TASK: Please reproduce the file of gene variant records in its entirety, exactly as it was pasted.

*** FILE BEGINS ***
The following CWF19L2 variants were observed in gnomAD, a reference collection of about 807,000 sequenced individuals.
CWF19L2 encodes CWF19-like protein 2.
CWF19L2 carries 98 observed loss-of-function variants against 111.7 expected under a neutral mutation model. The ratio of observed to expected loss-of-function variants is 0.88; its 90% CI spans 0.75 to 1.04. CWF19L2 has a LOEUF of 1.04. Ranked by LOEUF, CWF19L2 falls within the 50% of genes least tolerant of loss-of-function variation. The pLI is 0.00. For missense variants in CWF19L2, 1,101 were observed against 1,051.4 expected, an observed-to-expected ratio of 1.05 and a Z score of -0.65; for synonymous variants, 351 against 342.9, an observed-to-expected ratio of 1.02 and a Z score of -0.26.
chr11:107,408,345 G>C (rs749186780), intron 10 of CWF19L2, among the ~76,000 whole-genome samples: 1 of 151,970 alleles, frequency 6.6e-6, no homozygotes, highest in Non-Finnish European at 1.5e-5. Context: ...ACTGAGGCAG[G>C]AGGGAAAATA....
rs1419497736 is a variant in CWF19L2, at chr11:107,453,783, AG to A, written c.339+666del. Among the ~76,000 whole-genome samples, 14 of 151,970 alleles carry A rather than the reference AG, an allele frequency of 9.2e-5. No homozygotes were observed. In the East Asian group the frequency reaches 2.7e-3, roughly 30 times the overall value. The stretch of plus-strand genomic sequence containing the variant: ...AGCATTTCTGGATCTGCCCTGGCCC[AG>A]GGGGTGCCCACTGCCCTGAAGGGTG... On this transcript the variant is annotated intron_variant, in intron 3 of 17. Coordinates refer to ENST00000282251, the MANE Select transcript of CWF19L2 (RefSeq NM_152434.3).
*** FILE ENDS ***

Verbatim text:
The following CWF19L2 variants were observed in gnomAD, a reference collection of about 807,000 sequenced individuals.
CWF19L2 encodes CWF19-like protein 2.
CWF19L2 carries 98 observed loss-of-function variants against 111.7 expected under a neutral mutation model. The ratio of observed to expected loss-of-function variants is 0.88; its 90% CI spans 0.75 to 1.04. CWF19L2 has a LOEUF of 1.04. Ranked by LOEUF, CWF19L2 falls within the 50% of genes least tolerant of loss-of-function variation. The pLI is 0.00. For missense variants in CWF19L2, 1,101 were observed against 1,051.4 expected, an observed-to-expected ratio of 1.05 and a Z score of -0.65; for synonymous variants, 351 against 342.9, an observed-to-expected ratio of 1.02 and a Z score of -0.26.
chr11:107,408,345 G>C (rs749186780), intron 10 of CWF19L2, among the ~76,000 whole-genome samples: 1 of 151,970 alleles, frequency 6.6e-6, no homozygotes, highest in Non-Finnish European at 1.5e-5. Context: ...ACTGAGGCAG[G>C]AGGGAAAATA....
rs1419497736 is a variant in CWF19L2, at chr11:107,453,783, AG to A, written c.339+666del. Among the ~76,000 whole-genome samples, 14 of 151,970 alleles carry A rather than the reference AG, an allele frequency of 9.2e-5. No homozygotes were observed. In the East Asian group the frequency reaches 2.7e-3, roughly 30 times the overall value. The stretch of plus-strand genomic sequence containing the variant: ...AGCATTTCTGGATCTGCCCTGGCCC[AG>A]GGGGTGCCCACTGCCCTGAAGGGTG... On this transcript the variant is annotated intron_variant, in intron 3 of 17. Coordinates refer to ENST00000282251, the MANE Select transcript of CWF19L2 (RefSeq NM_152434.3).